Quinceañera404

ERA404 Turns 15

Originally published in the ERA404 Newsletter on April 4, 2016:

Dear friends, family, and clients,

Happy 4/04! It’s a momentous one, too. Fifteen years ago, I began moonlighting as a freelance graphic designer in New York City, while working a day-job at a now-defunct dot-com. My first gig was designing the CD packaging for a DJ that was a friend of a friend. My payment was a 12-pack of Heineken. I had purchased the domain for ERA404 back in college, after a geeky but whimsical conversation with a group of designers at my summer internship in Grand Rapids. The name is somewhat esoteric these days, but kudos to those who still chuckle at its etymology.

I was strictly a print and identity designer back then, but expanded to environmental design and strategy when the DJ referred me to his colleague who produced events around the five boroughs. The event producer was patient and helped me as I struggled to learn the ropes of the industry and the city. Luckily, New York often rewards the hard-working and passionate. My first big event design, the USS Target, was featured in The Wall Street Journal and afforded me emancipation from the precarious dot-com. Living on COBRA health insurance out of a tiny studio apartment in Harlem, I began amassing clients and pulling more all-nighters than I had during my four years studying Visual Communication at Ferris State University.

Oftentimes, I would hear these clients express disappointment when I told them I didn’t do web design or development. ERA404 was, after all, a programming joke. While FSU offered a New Media program, my love of the halftone dot helped me ignore the seduction of the pixel. My fledgling company suffered because of this shortsightedness and I shared my frustrations with my brother, Mike Citarella, who was then working as a 3D artist for a post-production facility in midtown. Do you remember that kid in your high school that secretly programmed the formulas for calculus equations behind a secret back-door link of a game of hangman on a TI-82 graphing calculator? That was Mike.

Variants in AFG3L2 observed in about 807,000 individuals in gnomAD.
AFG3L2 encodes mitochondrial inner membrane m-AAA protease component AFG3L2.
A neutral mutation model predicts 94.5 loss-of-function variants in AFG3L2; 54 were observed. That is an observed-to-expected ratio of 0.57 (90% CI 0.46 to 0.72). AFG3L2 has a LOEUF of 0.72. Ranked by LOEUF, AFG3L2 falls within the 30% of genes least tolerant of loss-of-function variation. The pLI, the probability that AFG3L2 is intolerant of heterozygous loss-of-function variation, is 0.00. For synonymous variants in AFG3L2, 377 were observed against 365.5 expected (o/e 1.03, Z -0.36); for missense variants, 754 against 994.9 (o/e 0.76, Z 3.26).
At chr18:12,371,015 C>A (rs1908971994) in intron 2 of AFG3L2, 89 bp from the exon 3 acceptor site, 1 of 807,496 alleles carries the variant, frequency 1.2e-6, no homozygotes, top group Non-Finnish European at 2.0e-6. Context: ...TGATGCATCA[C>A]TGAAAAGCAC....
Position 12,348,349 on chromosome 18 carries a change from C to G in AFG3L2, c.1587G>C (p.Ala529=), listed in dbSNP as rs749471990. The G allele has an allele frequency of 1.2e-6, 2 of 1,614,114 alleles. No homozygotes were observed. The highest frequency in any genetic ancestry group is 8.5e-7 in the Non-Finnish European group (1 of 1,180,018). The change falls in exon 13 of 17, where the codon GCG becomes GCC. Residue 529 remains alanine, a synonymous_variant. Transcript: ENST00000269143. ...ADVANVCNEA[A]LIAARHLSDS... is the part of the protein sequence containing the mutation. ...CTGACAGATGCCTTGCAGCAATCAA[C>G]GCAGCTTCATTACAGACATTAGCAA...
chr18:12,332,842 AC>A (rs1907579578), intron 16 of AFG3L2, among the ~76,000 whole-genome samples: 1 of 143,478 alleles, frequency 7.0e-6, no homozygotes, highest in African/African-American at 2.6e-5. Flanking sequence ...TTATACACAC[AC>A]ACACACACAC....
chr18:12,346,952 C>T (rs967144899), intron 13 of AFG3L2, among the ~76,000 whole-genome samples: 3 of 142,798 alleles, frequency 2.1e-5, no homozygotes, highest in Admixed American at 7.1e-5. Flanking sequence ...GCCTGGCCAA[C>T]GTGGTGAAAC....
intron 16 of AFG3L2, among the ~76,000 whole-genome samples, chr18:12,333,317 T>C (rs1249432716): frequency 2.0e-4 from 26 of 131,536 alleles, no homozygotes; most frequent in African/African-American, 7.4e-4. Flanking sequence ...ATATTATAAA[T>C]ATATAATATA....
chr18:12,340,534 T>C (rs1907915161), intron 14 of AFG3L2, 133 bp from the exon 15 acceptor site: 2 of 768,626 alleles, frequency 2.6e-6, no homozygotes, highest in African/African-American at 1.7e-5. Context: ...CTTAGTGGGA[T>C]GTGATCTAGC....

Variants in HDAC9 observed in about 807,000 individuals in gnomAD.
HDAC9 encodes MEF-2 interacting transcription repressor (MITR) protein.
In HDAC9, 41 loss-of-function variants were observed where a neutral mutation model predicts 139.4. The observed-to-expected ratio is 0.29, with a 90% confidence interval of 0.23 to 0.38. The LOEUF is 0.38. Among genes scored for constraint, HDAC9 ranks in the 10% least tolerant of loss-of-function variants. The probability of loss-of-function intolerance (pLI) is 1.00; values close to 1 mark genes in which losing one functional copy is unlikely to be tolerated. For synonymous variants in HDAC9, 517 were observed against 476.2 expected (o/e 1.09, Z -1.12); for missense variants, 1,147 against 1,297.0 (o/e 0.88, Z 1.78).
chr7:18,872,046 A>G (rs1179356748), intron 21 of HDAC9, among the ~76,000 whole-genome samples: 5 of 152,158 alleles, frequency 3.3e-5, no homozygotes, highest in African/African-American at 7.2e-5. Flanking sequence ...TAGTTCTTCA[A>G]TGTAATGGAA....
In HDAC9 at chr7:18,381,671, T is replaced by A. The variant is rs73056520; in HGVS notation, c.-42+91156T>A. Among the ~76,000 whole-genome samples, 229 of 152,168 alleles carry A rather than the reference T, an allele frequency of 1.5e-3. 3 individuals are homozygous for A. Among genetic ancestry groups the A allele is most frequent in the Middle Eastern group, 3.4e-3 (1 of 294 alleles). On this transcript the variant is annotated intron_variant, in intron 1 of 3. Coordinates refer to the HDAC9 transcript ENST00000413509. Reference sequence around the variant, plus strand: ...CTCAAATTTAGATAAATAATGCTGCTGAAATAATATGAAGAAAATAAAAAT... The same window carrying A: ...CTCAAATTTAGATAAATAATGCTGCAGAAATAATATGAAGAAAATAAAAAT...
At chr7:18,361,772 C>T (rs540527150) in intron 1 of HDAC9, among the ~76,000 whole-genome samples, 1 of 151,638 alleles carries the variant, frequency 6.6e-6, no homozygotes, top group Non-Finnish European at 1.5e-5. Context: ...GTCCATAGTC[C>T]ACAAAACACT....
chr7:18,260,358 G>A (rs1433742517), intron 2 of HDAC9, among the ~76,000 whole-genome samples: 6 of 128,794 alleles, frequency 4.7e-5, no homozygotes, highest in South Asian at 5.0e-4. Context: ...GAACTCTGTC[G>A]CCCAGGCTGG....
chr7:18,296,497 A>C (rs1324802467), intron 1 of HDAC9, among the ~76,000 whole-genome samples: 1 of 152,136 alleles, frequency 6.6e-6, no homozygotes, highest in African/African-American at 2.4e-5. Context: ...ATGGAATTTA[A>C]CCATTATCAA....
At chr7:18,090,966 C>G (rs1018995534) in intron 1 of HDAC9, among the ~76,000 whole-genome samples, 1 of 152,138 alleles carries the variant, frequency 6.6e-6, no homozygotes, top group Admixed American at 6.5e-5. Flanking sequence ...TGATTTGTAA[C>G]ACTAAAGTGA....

Mike offered a simple, elegant solution: Learn how to design interfaces and let me handle the rest. In 2006, Mike joined ERA404 and consequently allowed us to offer our remaining two disciplines: digital and motion. For the last decade, as our Technical Director, Mike has managed our freelance network of programmers, leaving me to the designers.

In celebrating ERA404’s quinceañera, I’m helpless to think about her growth over the last decade and a half. I’m sharing this with you because everyone we’ve worked with or worked for in the past fifteen years has a similar story. Our stories are what make us unique. When we begin a new relationship with a client, it’s their stories that help us create pieces that are both original and personal. In these stories lie the beauty of the design and the ingenuity of the code.

Thank you for sharing the last fifteen years with us and I hope you continue to be part of our story.

Don Citarella
Creative Director
ERA404

Free, Online, Too

Every once in a while, I receive an email like the above, which reminds me that there are honorable companies out there that strive for their positive initiatives and ethical practices to help sell their products (Notice that Dropbox doubled our storage capacity ‘as a thank you for being a Dropbox Pro customer’ and uses ‘an extra thanks’ to help promote their paid services to our friends, colleagues and/or family members.)

In light of my post about online companies promoting free products and gradually stripping them away (Free, Online), as well as the recent rant, Don’t Upgrade Quickbooks, I decided to compile two lists of  online businesses:

1. Bad Practices: Those that have been guilty of luring customers in and paring down their offerings (or steepening their prices)